Illness Or Discomfort 

Parrots are typically very active birds and want to make their voices heard. They do not sit calmly for a long time and speak quite a lot. But when they are feeling under the weather, parrots can become lethargic. In some cases, a parrot may hiss if it is in pain or feels threatened. 

Hissing can also be a symptom of a more serious underlying health problem, such as respiratory distress or infection. If you suspect that your parrot’s hissing is due to illness, it is important to take it to a veterinarian for a thorough examination. The veterinarian can help diagnose and treat the underlying health problem and provide you with guidance on how to best care for your bird. 


As prey animals, parrots tend to feel most comfortable with familiar surroundings and can be apprehensive towards unfamiliar changes. If an unfamiliar person or object approaches their cage, a parrot may exhibit hissing behavior as a warning signal to keep their distance. The unfamiliar entity does not necessarily have to be a threat.

Sometimes even the placing of a new toy or a strange object can put them off and make them feel anxious. To avoid causing anxiety in your pet, it’s important to introduce new things gradually and allow your parrot to adjust to their changing environment over time.

How Can I Stop My Parrot From Hissing?

Parrots are intelligent and social birds that have their own unique way of showing discontent. And while hissing is a normal behavior among them, it is not socially desirable. As there are a number of reasons for such behavior, the solution to this problem lies in Identifying the cause of the hissing.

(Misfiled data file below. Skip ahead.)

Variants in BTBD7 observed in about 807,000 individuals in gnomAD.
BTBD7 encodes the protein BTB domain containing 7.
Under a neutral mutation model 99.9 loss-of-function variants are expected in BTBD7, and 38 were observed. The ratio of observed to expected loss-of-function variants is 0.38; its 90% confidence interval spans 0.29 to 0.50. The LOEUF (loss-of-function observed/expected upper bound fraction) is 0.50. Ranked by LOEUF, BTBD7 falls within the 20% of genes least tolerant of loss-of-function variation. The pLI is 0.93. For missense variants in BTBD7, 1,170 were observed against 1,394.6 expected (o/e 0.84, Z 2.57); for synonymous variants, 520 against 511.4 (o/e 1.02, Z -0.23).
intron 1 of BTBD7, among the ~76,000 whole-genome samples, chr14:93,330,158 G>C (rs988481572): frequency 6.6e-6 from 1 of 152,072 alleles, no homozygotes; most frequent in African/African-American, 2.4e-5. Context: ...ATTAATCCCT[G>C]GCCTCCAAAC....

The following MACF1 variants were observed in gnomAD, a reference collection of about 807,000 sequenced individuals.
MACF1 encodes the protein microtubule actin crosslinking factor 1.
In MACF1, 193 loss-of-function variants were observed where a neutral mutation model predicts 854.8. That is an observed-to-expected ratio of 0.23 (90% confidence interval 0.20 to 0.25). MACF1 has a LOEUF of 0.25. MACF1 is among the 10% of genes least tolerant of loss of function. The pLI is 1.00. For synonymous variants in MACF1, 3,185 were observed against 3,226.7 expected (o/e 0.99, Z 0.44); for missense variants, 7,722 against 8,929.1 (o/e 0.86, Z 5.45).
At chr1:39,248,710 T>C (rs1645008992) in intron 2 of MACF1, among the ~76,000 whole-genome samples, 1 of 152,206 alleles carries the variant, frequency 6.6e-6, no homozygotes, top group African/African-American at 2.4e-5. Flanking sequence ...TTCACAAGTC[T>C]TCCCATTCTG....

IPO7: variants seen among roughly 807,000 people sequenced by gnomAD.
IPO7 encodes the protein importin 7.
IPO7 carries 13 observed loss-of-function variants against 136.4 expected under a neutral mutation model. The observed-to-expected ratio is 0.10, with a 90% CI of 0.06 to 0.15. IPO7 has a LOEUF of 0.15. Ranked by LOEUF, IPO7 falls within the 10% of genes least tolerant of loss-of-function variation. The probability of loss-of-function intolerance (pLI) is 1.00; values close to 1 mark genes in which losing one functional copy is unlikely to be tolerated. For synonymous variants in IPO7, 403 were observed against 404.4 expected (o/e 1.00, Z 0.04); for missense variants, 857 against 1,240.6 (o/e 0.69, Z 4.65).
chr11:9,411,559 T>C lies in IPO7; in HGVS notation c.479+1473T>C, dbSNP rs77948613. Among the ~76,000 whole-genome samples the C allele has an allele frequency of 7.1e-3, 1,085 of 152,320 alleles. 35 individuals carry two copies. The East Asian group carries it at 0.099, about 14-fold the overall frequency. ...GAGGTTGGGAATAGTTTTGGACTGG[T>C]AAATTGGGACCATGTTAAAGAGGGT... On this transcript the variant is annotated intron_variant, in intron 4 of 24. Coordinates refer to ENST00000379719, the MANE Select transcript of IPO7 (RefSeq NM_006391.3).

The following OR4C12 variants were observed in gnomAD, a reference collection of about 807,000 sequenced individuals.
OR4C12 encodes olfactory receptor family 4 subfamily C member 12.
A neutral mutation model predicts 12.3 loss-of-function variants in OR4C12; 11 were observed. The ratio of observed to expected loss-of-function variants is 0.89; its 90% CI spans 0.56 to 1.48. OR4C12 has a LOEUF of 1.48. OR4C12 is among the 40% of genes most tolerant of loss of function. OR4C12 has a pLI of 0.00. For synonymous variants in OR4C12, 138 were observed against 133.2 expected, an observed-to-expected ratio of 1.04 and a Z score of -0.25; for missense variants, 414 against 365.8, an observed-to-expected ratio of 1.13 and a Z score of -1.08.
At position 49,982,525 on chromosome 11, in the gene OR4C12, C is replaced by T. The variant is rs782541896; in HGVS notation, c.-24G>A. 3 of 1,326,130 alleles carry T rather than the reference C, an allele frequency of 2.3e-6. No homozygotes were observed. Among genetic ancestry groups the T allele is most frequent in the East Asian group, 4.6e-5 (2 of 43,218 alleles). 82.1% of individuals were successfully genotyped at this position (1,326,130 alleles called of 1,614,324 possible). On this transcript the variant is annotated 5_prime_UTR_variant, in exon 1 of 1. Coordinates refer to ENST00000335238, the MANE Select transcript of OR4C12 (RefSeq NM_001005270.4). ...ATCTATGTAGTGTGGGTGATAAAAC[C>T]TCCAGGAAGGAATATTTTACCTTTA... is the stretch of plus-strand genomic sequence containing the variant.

• Firstly, you should try to observe your parrot’s behavior and see if there is a specific trigger for the hissing, such as a new person in the room, a change in its routine, or the presence of another bird.
  • Then you should try to minimize the stressor and provide your parrot with a comfortable and stable environment. If the hissing is due to fear or discomfort, try to gradually expose the parrot to the trigger in a controlled and positive way. For example, if the parrot hisses when a new person is in the room, have the person approach slowly and offer the bird treats or praise.
  • Be consistent in your handling and interactions with the bird. Avoid sudden movements or loud noises, and always approach the bird in a calm and relaxed manner.
  • If the hissing persists or the bird seems to be in distress, consider seeking the help of a veterinarian or a bird behavior specialist.


It’s important to remember that hissing does not necessarily mean your parrot is aggressive or dangerous. Instead, think of it as your pet parrot’s way of saying “I need some space” or “I’m not happy about this”. By understanding and interpreting your pet parrot’s body language, including hissing, you can build a stronger and more meaningful relationship with your feathery friend.

Dorson Joseph
Dorson Joseph

I'm Dorson, a bird enthusiast who's had a lifelong fascination for the avian world. I am a parent to my beloved Senegal parrot and budgie, which has deepened my love for avian creatures and taught me a lot over the years. I co-run a bird store and care center with my friends, where we work with experienced professionals to care for our flock. Now, I find great joy in sharing my knowledge with others, hoping to assist fellow bird keepers and enthusiasts in understanding birds and helping them live happy lives.